Thanks Giving Mourning

The road to Recovery, my parent’s community in south Georgia,  was beautiful. Joy and I have hopped, skipped and jumped across our gorgeous state since Friday afternoon. We visited Norcross, Warner Robins, Ashburn, Cairo and then traveled to my parents home in Recovery. Shadows draped across us as we meandered our way in Glory’s fun ride, soaking in south Georgia sunshine and the smell of peanuts and soil.

I count my blessings every day, but Thanksgiving is always a time of greater appreciation, deeper gratitude and richer thankfulness.

I knew this Thanksgiving would be special. Today, Thanksgiving day, and we celebrate my dad’s 75th birthday. For several years now, cancer has been in the frame of our vision. He was diagnosed with bladder cancer and treated. He had a re-occurrence, but has been cancer free for some time now.  So, this year, we are thankful for life, family and my father … more than before.

I am grateful for a welcome place to visit my folks. I am thankful for their community – small but dense with wonderful people whom they love and serve with eagerness and zeal.

I am thankful for a chance to visit my brother and his family, his wife so kind … and  his boys, the spitting-image of their daddy at that age, are sweet and kind but boys through-and-through.

As Joy and I drove into the drive yesterday, I knew things weren’t well. You could see the sadness scrawled upon my father’s face. I knew there was mourning, but was …. shocked at the source. Being a Fireman and a First Responder, dad comes in contact with difficult situations often.

This house
is draped with sadness
and we mourn with them.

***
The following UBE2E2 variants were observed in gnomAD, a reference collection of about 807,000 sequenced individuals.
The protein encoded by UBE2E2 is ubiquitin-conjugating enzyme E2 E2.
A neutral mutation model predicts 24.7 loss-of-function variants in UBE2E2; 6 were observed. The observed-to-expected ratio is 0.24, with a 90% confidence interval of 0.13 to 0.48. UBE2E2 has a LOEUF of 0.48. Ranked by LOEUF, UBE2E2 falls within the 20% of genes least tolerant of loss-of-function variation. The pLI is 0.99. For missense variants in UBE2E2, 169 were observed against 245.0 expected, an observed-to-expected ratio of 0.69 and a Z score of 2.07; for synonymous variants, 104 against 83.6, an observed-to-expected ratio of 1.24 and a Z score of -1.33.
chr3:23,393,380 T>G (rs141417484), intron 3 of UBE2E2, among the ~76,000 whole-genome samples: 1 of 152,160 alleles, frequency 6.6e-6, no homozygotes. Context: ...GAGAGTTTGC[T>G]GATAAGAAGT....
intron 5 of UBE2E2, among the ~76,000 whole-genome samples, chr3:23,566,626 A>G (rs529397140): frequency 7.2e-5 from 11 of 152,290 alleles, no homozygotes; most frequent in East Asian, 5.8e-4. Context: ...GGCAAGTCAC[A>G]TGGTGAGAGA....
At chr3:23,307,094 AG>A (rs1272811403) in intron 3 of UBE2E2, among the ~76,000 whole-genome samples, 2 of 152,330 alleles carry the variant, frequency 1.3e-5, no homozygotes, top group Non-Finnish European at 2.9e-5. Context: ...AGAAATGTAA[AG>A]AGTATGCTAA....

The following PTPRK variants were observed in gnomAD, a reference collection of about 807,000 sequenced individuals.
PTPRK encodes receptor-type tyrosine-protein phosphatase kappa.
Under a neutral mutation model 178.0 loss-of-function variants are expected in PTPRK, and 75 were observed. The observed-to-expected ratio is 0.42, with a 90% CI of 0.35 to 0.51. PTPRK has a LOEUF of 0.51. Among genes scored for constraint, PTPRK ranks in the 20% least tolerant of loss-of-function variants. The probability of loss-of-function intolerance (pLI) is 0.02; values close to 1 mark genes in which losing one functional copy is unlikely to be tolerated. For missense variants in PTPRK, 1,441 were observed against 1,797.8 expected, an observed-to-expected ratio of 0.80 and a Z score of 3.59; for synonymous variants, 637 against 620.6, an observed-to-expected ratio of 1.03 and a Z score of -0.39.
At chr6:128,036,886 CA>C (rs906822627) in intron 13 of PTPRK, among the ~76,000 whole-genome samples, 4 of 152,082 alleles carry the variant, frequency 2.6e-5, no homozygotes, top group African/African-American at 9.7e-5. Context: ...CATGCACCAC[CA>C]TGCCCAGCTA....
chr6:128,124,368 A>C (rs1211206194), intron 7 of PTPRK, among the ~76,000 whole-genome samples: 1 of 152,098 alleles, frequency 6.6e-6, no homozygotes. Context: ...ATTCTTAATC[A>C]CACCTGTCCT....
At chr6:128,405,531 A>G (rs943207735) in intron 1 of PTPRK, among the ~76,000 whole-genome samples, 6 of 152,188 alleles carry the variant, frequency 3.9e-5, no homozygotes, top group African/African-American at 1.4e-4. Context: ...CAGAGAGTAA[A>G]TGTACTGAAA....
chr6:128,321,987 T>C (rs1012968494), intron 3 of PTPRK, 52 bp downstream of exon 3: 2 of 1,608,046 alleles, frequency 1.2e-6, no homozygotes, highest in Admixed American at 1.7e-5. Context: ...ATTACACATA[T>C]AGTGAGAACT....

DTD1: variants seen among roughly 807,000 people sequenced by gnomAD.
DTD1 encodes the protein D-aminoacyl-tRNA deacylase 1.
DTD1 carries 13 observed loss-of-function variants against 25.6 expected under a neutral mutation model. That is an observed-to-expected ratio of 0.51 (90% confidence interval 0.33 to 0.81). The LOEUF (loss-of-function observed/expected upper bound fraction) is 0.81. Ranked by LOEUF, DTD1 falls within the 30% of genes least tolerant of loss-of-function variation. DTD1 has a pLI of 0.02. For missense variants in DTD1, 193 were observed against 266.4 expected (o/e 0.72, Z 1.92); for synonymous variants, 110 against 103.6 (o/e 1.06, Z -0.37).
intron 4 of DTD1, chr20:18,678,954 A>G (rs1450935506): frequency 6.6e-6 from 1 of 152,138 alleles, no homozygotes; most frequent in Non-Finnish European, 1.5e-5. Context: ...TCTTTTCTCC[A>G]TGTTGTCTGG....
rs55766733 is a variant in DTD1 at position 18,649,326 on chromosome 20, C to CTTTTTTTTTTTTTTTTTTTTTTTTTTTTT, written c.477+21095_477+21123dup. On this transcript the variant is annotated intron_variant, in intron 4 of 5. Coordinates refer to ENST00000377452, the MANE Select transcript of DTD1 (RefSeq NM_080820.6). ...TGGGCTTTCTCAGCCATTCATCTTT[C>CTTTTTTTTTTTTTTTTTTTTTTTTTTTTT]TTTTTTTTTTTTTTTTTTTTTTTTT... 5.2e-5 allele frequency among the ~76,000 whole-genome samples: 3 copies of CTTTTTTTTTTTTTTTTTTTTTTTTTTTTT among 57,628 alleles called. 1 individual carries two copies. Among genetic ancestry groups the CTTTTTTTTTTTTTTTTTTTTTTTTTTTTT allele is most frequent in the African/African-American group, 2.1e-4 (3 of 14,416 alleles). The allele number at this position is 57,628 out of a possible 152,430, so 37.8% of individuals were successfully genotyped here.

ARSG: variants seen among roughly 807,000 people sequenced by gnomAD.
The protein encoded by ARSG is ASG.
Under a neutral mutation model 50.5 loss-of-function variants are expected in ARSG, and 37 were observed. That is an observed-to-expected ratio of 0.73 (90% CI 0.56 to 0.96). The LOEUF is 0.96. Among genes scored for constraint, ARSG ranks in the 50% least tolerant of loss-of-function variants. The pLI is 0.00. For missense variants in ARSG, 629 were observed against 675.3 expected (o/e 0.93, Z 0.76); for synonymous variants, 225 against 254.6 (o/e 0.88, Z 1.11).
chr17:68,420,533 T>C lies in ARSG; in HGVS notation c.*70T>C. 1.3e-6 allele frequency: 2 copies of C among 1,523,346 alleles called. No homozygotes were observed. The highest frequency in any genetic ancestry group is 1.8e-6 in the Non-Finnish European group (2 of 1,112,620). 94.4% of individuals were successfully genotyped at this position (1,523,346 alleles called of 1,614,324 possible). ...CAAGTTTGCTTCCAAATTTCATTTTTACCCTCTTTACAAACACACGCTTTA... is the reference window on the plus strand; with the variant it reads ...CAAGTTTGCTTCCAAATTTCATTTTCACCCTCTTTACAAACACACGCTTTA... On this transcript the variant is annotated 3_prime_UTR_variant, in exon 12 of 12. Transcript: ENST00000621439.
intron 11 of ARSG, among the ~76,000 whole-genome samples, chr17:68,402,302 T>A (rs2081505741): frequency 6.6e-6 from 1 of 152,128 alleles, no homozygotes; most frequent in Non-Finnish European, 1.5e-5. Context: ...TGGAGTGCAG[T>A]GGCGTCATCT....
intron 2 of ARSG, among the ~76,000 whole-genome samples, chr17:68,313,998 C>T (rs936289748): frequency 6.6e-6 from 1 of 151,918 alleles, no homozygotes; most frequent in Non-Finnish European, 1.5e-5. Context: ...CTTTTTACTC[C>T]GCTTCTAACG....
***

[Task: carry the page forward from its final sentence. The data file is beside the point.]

When we still lived in Atlanta, we began an adventure with the Rodgers – an excursion in friendship. Dad and Russ worked together. Russ invited us to camp with his family. In 1974, in June, we took our first trip to St. George Island, Florida. Back home, in a box, I have a single photograph, square and faded, scratched and cloudy, of Rusty and Robin standing on the beach, the two oldest boys in the family. That was the only photo that I took that day. Even then, I had a camera.

The three Rodgers boys were spaced around my brother and I in age … but I was the lone girl in the group. Soon, we moved south to Thomasville, leaving the bustle of Atlanta behind. We camped through the years … dozens of times …  spring, summer and fall …. year after year …. with a large crowd or just the two families. We fellowshiped, fished and dined.

The same year I married, Mom and Dad bought their little place in Recovery. The Rodgers bought the empty lot next door, built a log cabin and moved in. Dad retired, mom and dad remodeled their cottage into a sprawling home and they left Thomasville to make Recovery, beside the Rodgers,  home.  All of us grew …. children offered grandchildren and we continued to grow in friendship.

Last night, as I drove up, I was met with the news that the oldest of the Rodgers boys
had lost his life suddenly to a heart attack.
Shock settled in.

Rusty had some health struggles, but nothing that would have led us to believe that
this Thanksgiving
we would find ourselves
in mourning.

I knew I would write about my father today.
I knew I would arrive in Recovery and take sunsetting-photographs.
I knew we would have an emotional Thanksgiving.

But, I didn’t know what today would look like.

And so I write
and celebrate my Father’s life
and mourn the loss of a friend’s
and we turn our faces to our Heavenly Father and have to trust
that even in this,
He is in control.

And the peace of God, which transcends all understanding,
will guard your hearts and your minds in Christ Jesus. Phillipians 4:7

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